So did the general and the actress have an affair? DeFelice provides a persuasive answer.
“Image was not just important in rallying his troops. A high profile in the media would have given Bradley’s plans considerably more prestige; his armies, rather than Montgomery’s, might have gotten the priority in Europe. Had that happened, the war might have been over before Christmas 1944, as many hoped in August of that year.” Moreover, “a deeper understanding of world dynamics might have helped him make arguments designed to take Berlin more quickly.”
This book is important because Bradley’s two books about himself are not. His first, A Soldier’s Story, ghost-written with one-time North Africa war correspondent A. J. Liebling, was construed by many as comparing him unfavorably to Eisenhower, Patton and Montgomery. The second, A General’s Life, was largely written by credited co-author Clay Blair after Bradley’s death in 1981.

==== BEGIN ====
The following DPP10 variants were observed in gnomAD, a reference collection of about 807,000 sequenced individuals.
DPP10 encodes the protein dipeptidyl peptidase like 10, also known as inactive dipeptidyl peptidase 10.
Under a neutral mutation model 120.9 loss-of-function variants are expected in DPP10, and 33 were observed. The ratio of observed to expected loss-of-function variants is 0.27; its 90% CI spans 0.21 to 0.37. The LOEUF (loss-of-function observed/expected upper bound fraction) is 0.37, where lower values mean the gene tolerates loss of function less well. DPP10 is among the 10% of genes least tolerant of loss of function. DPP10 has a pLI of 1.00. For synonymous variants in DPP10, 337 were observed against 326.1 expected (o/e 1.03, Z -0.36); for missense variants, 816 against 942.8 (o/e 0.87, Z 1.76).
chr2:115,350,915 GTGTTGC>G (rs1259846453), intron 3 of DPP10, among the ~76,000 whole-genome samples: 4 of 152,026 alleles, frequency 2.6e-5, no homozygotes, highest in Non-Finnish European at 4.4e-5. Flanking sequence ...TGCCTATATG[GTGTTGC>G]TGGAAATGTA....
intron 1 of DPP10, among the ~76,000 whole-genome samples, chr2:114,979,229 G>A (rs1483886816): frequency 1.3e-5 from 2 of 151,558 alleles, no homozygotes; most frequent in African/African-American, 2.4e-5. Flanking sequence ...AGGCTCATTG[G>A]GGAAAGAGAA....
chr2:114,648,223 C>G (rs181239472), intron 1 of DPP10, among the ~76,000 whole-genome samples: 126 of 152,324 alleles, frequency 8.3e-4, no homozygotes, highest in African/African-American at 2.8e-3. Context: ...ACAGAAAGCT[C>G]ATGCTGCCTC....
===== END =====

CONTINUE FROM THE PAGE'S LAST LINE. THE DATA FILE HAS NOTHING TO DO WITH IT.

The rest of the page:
The DeFelice volume is not a full biography because it ends with the war in Europe. Bradley later was Army Chief of Staff and Chairman of the Joint Chiefs during the turmoil of the late 1940s and early 1950s. A second volume may be needed. Omar Bradley: General at War remains nevertheless an impressive achievement by an author better known for collaborating on best-selling techno thrillers with Richard Marcinko (Rogue Warrior), Dale Brown, Stephen Coonts and Larry Bond.